• Before video: Screenshots
  • First lecture (more orientation)
    • Explain course site, menu items, etc…

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Course site (beginning… or beyond?)

  • To sustain help in this area: Q&A Board

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course site beginning or beyond
Course site(beginning… or beyond?)
  • Selections from the “Help! (Resources)” area.
    • Two main sections addressing the course site.

Inside “Help! (Resources)”

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Inside “Help! (Resources)”

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slide23

Inside “Help! (Resources)”

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slide24

Inside “Help! (Resources)”

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Inside “Help! (Resources)”

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course site beginning or beyond27
Course site(beginning… or beyond?)
  • Consistency:
    • “Following a regular module structure throughout an online course helps to establish and sustain the pace of the course and makes it easier for students to keep track of what is due and when” (Dykman & Davis, p. 158).
    • Same discussion board deadlines weekly
    • Same assignment deadlines every other week
    • Layout of weekly folders same week to week

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classmates beginning middle end whole course
Classmates (beginning, middle, end – whole course)
  • Dykman & Davis:
    • “Students sometimes feel that they are learning more from interacting with fellow students than from other aspects of an online course” (p. 160).
      • Set up this environment for them
      • Maintain the environment for them
      • Facilitate interactions
      • Probe deeper thought and discussion
      • Discussion board guidelines help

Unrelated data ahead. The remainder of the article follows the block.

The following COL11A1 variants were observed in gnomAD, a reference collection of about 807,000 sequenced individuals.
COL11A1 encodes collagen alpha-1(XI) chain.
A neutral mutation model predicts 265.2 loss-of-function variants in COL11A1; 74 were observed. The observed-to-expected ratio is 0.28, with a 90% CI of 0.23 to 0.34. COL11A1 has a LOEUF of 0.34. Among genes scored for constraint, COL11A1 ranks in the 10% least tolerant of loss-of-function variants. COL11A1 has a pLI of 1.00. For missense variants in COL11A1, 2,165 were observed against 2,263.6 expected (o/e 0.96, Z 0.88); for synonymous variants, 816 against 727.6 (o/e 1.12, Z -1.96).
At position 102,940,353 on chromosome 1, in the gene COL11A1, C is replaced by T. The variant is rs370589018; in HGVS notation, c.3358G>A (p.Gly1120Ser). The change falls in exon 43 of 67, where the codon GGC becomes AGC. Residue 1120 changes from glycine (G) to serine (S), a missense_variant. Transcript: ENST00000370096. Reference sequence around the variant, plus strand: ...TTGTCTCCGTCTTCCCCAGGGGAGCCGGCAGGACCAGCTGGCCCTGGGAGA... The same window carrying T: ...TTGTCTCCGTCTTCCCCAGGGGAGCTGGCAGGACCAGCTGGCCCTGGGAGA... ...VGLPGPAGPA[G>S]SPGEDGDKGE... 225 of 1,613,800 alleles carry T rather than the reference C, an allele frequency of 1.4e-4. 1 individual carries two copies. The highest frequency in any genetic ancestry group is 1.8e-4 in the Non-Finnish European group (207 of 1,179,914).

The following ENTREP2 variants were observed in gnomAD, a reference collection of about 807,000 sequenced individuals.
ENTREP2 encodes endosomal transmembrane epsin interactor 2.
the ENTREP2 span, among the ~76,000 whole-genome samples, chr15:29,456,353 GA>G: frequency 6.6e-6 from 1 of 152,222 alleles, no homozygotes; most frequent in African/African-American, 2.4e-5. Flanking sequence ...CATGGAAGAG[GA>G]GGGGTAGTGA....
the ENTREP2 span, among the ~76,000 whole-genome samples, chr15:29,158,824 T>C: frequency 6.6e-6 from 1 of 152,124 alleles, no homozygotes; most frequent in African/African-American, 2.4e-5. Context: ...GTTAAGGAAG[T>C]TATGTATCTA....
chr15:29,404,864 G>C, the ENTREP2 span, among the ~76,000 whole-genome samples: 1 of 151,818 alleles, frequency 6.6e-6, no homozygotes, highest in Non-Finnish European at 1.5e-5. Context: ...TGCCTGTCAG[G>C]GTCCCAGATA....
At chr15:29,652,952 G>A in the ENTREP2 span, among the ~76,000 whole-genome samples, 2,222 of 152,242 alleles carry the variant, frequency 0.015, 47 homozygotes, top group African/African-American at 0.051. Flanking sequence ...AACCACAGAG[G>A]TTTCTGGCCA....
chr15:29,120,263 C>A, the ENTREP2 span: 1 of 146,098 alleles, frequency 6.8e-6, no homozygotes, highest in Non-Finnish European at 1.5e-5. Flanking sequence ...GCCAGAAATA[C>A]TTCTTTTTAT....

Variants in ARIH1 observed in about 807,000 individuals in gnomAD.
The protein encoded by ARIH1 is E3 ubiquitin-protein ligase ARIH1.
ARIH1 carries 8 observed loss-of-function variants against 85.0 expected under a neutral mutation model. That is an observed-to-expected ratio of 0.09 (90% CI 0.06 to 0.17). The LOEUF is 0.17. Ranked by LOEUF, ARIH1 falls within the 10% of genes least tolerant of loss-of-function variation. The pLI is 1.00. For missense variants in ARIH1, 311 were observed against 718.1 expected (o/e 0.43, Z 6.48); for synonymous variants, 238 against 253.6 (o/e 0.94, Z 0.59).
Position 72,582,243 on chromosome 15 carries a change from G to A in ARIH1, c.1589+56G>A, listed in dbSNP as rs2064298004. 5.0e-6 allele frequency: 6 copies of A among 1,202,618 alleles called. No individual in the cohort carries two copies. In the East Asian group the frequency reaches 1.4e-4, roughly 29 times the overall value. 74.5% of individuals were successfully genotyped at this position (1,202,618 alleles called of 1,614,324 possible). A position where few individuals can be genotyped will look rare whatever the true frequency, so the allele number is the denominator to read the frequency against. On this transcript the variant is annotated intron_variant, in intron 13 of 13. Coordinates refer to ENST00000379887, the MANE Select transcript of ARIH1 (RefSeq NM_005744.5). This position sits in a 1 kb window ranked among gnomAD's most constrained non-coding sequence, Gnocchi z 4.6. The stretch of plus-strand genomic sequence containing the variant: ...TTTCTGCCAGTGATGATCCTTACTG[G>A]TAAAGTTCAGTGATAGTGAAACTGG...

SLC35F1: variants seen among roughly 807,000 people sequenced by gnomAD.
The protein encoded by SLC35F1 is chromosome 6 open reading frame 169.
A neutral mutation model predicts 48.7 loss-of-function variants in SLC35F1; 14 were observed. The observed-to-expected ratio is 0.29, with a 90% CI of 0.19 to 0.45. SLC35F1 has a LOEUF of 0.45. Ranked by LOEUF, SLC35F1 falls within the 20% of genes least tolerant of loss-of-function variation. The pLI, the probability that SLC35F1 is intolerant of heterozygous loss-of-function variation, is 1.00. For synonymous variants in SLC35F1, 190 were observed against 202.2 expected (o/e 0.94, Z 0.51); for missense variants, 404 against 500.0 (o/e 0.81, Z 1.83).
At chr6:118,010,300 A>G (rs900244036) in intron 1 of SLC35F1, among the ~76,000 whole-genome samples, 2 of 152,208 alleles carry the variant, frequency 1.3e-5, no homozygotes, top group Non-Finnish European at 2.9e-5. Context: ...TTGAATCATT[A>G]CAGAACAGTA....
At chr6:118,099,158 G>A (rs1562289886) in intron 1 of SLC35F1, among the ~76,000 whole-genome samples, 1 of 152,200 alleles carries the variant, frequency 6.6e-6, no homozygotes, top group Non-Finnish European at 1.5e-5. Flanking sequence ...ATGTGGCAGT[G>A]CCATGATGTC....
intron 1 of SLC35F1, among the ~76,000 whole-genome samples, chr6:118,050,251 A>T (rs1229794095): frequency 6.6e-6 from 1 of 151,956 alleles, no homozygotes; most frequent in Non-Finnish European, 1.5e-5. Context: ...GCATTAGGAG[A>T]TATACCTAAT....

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classmates
Classmates
  • Typical ways to have classmate interaction:
    • Content-Related Discussion board
      • First week: get to know each other
        • Photos
      • Later on: How was your break? (November, Spring…)
      • Options each week
        • Types of topics
        • Encourage respectful disagreement
      • Required: initial post (word count)
      • Required: two replies to two classmates

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classmates30
Classmates

“Student Lounge” Discussion Board Area

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classmates31
Classmates
  • Remember the survey I discussed in the beginning?
    • Students wanted to have the choice of NOT sharing email addresses.
    • Some students wanted to share email addresses.
    • Created an area where students could make the choice.

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classmates32
Classmates
  • Surveys themselves create connections between classmates:
    • Post results about class
    • See how they compare/contrast with classmates

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classmates34
Classmates
  • Online Review Sessions through Elluminate Live!
    • Exam study sessions
    • Project descriptions
    • Specific topics

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classmates35
Classmates
  • Meeting in person (Make a Difference Day):
  • YouTube Video URL:
    • http://www.youtube.com/watch?v=wQt5imErNq4
  • Service Learning Program Contact:
    • Carol Wilkinson: cwilkinson@miracosta.edu